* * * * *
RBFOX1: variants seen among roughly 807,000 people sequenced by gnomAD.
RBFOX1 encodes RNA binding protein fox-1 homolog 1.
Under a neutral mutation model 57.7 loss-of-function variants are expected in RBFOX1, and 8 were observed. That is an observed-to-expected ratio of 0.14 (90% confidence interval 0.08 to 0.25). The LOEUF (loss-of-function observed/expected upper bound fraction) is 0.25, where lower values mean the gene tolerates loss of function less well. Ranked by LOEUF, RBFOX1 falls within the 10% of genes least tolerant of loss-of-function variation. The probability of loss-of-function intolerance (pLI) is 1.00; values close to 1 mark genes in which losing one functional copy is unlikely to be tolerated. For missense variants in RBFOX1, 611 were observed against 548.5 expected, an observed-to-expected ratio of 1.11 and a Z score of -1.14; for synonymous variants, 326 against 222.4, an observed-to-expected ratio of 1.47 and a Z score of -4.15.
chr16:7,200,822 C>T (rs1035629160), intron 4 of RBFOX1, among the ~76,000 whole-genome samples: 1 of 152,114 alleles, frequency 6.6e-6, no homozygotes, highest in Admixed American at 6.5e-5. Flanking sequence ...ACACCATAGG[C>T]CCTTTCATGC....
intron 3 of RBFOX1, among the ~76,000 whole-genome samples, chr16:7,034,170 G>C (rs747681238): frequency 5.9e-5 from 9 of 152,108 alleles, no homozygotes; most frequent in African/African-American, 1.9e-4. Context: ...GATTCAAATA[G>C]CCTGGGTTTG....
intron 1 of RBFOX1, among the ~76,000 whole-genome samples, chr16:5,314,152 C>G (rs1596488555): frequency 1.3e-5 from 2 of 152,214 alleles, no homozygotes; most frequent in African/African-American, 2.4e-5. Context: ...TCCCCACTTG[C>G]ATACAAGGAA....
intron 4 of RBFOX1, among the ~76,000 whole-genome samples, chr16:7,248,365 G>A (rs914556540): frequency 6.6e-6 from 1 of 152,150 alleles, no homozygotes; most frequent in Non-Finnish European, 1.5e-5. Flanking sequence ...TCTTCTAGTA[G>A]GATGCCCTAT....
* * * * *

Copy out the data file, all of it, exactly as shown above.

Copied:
RBFOX1: variants seen among roughly 807,000 people sequenced by gnomAD.
RBFOX1 encodes RNA binding protein fox-1 homolog 1.
Under a neutral mutation model 57.7 loss-of-function variants are expected in RBFOX1, and 8 were observed. That is an observed-to-expected ratio of 0.14 (90% confidence interval 0.08 to 0.25). The LOEUF (loss-of-function observed/expected upper bound fraction) is 0.25, where lower values mean the gene tolerates loss of function less well. Ranked by LOEUF, RBFOX1 falls within the 10% of genes least tolerant of loss-of-function variation. The probability of loss-of-function intolerance (pLI) is 1.00; values close to 1 mark genes in which losing one functional copy is unlikely to be tolerated. For missense variants in RBFOX1, 611 were observed against 548.5 expected, an observed-to-expected ratio of 1.11 and a Z score of -1.14; for synonymous variants, 326 against 222.4, an observed-to-expected ratio of 1.47 and a Z score of -4.15.
chr16:7,200,822 C>T (rs1035629160), intron 4 of RBFOX1, among the ~76,000 whole-genome samples: 1 of 152,114 alleles, frequency 6.6e-6, no homozygotes, highest in Admixed American at 6.5e-5. Flanking sequence ...ACACCATAGG[C>T]CCTTTCATGC....
intron 3 of RBFOX1, among the ~76,000 whole-genome samples, chr16:7,034,170 G>C (rs747681238): frequency 5.9e-5 from 9 of 152,108 alleles, no homozygotes; most frequent in African/African-American, 1.9e-4. Context: ...GATTCAAATA[G>C]CCTGGGTTTG....
intron 1 of RBFOX1, among the ~76,000 whole-genome samples, chr16:5,314,152 C>G (rs1596488555): frequency 1.3e-5 from 2 of 152,214 alleles, no homozygotes; most frequent in African/African-American, 2.4e-5. Context: ...TCCCCACTTG[C>G]ATACAAGGAA....
intron 4 of RBFOX1, among the ~76,000 whole-genome samples, chr16:7,248,365 G>A (rs914556540): frequency 6.6e-6 from 1 of 152,150 alleles, no homozygotes; most frequent in Non-Finnish European, 1.5e-5. Flanking sequence ...TCTTCTAGTA[G>A]GATGCCCTAT....